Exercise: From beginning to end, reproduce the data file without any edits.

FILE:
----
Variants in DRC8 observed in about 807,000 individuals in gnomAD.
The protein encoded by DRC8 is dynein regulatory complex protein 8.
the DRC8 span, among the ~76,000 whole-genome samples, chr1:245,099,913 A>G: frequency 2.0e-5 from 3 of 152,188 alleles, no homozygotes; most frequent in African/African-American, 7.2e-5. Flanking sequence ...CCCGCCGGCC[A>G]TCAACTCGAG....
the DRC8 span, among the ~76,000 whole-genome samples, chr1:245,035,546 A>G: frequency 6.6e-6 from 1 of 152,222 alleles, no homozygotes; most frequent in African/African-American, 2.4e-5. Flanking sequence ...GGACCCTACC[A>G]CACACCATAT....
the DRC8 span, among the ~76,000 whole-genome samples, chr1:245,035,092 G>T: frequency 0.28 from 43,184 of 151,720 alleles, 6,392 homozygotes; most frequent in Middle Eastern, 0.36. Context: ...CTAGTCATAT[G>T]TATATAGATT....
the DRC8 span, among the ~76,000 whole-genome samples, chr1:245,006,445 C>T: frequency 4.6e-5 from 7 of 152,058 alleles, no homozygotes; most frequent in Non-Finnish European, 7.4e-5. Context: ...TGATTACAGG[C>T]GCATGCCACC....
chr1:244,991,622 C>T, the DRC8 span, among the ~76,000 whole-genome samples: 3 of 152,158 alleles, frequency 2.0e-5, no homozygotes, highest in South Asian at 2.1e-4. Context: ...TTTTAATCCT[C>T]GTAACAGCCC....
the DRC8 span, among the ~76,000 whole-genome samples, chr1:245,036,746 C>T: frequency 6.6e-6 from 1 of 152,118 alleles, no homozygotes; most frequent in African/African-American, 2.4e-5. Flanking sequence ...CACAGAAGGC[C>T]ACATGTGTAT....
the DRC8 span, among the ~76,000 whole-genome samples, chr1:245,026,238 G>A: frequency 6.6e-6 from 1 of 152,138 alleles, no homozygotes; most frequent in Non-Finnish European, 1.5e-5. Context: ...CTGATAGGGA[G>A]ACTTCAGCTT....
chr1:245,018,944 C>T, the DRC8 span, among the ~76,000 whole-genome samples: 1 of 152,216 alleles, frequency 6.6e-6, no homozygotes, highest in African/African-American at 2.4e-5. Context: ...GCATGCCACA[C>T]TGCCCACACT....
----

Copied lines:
Variants in DRC8 observed in about 807,000 individuals in gnomAD.
The protein encoded by DRC8 is dynein regulatory complex protein 8.
the DRC8 span, among the ~76,000 whole-genome samples, chr1:245,099,913 A>G: frequency 2.0e-5 from 3 of 152,188 alleles, no homozygotes; most frequent in African/African-American, 7.2e-5. Flanking sequence ...CCCGCCGGCC[A>G]TCAACTCGAG....
the DRC8 span, among the ~76,000 whole-genome samples, chr1:245,035,546 A>G: frequency 6.6e-6 from 1 of 152,222 alleles, no homozygotes; most frequent in African/African-American, 2.4e-5. Flanking sequence ...GGACCCTACC[A>G]CACACCATAT....
the DRC8 span, among the ~76,000 whole-genome samples, chr1:245,035,092 G>T: frequency 0.28 from 43,184 of 151,720 alleles, 6,392 homozygotes; most frequent in Middle Eastern, 0.36. Context: ...CTAGTCATAT[G>T]TATATAGATT....
the DRC8 span, among the ~76,000 whole-genome samples, chr1:245,006,445 C>T: frequency 4.6e-5 from 7 of 152,058 alleles, no homozygotes; most frequent in Non-Finnish European, 7.4e-5. Context: ...TGATTACAGG[C>T]GCATGCCACC....
chr1:244,991,622 C>T, the DRC8 span, among the ~76,000 whole-genome samples: 3 of 152,158 alleles, frequency 2.0e-5, no homozygotes, highest in South Asian at 2.1e-4. Context: ...TTTTAATCCT[C>T]GTAACAGCCC....
the DRC8 span, among the ~76,000 whole-genome samples, chr1:245,036,746 C>T: frequency 6.6e-6 from 1 of 152,118 alleles, no homozygotes; most frequent in African/African-American, 2.4e-5. Flanking sequence ...CACAGAAGGC[C>T]ACATGTGTAT....
the DRC8 span, among the ~76,000 whole-genome samples, chr1:245,026,238 G>A: frequency 6.6e-6 from 1 of 152,138 alleles, no homozygotes; most frequent in Non-Finnish European, 1.5e-5. Context: ...CTGATAGGGA[G>A]ACTTCAGCTT....
chr1:245,018,944 C>T, the DRC8 span, among the ~76,000 whole-genome samples: 1 of 152,216 alleles, frequency 6.6e-6, no homozygotes, highest in African/African-American at 2.4e-5. Context: ...GCATGCCACA[C>T]TGCCCACACT....